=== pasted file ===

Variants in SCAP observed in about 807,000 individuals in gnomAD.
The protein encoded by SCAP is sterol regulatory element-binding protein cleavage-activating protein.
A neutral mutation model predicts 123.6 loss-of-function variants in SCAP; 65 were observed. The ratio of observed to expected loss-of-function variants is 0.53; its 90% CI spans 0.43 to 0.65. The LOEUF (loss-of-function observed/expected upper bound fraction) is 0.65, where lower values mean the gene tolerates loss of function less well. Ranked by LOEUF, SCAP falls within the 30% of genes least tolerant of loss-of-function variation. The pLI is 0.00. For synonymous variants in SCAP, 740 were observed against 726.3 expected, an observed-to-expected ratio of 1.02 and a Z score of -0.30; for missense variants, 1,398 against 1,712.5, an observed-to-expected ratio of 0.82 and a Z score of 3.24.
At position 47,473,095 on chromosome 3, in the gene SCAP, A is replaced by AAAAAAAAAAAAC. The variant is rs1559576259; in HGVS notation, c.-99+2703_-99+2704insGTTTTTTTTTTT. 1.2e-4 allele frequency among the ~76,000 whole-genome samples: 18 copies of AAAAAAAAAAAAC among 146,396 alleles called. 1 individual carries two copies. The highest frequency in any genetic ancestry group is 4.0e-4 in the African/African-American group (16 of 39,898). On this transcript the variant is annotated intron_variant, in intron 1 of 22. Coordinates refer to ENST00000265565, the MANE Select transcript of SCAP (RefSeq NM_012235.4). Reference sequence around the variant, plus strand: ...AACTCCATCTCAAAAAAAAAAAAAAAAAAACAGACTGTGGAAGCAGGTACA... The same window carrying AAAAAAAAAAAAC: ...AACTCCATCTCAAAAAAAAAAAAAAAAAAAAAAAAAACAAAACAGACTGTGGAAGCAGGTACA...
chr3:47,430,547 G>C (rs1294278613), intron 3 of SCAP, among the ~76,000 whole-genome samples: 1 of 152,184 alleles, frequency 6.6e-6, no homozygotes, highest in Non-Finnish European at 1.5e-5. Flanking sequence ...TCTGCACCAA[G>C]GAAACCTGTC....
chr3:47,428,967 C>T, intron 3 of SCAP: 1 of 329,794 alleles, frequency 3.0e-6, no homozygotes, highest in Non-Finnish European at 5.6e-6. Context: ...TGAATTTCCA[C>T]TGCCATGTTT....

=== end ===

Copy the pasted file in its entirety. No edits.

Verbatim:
Variants in SCAP observed in about 807,000 individuals in gnomAD.
The protein encoded by SCAP is sterol regulatory element-binding protein cleavage-activating protein.
A neutral mutation model predicts 123.6 loss-of-function variants in SCAP; 65 were observed. The ratio of observed to expected loss-of-function variants is 0.53; its 90% CI spans 0.43 to 0.65. The LOEUF (loss-of-function observed/expected upper bound fraction) is 0.65, where lower values mean the gene tolerates loss of function less well. Ranked by LOEUF, SCAP falls within the 30% of genes least tolerant of loss-of-function variation. The pLI is 0.00. For synonymous variants in SCAP, 740 were observed against 726.3 expected, an observed-to-expected ratio of 1.02 and a Z score of -0.30; for missense variants, 1,398 against 1,712.5, an observed-to-expected ratio of 0.82 and a Z score of 3.24.
At position 47,473,095 on chromosome 3, in the gene SCAP, A is replaced by AAAAAAAAAAAAC. The variant is rs1559576259; in HGVS notation, c.-99+2703_-99+2704insGTTTTTTTTTTT. 1.2e-4 allele frequency among the ~76,000 whole-genome samples: 18 copies of AAAAAAAAAAAAC among 146,396 alleles called. 1 individual carries two copies. The highest frequency in any genetic ancestry group is 4.0e-4 in the African/African-American group (16 of 39,898). On this transcript the variant is annotated intron_variant, in intron 1 of 22. Coordinates refer to ENST00000265565, the MANE Select transcript of SCAP (RefSeq NM_012235.4). Reference sequence around the variant, plus strand: ...AACTCCATCTCAAAAAAAAAAAAAAAAAAACAGACTGTGGAAGCAGGTACA... The same window carrying AAAAAAAAAAAAC: ...AACTCCATCTCAAAAAAAAAAAAAAAAAAAAAAAAAACAAAACAGACTGTGGAAGCAGGTACA...
chr3:47,430,547 G>C (rs1294278613), intron 3 of SCAP, among the ~76,000 whole-genome samples: 1 of 152,184 alleles, frequency 6.6e-6, no homozygotes, highest in Non-Finnish European at 1.5e-5. Flanking sequence ...TCTGCACCAA[G>C]GAAACCTGTC....
chr3:47,428,967 C>T, intron 3 of SCAP: 1 of 329,794 alleles, frequency 3.0e-6, no homozygotes, highest in Non-Finnish European at 5.6e-6. Context: ...TGAATTTCCA[C>T]TGCCATGTTT....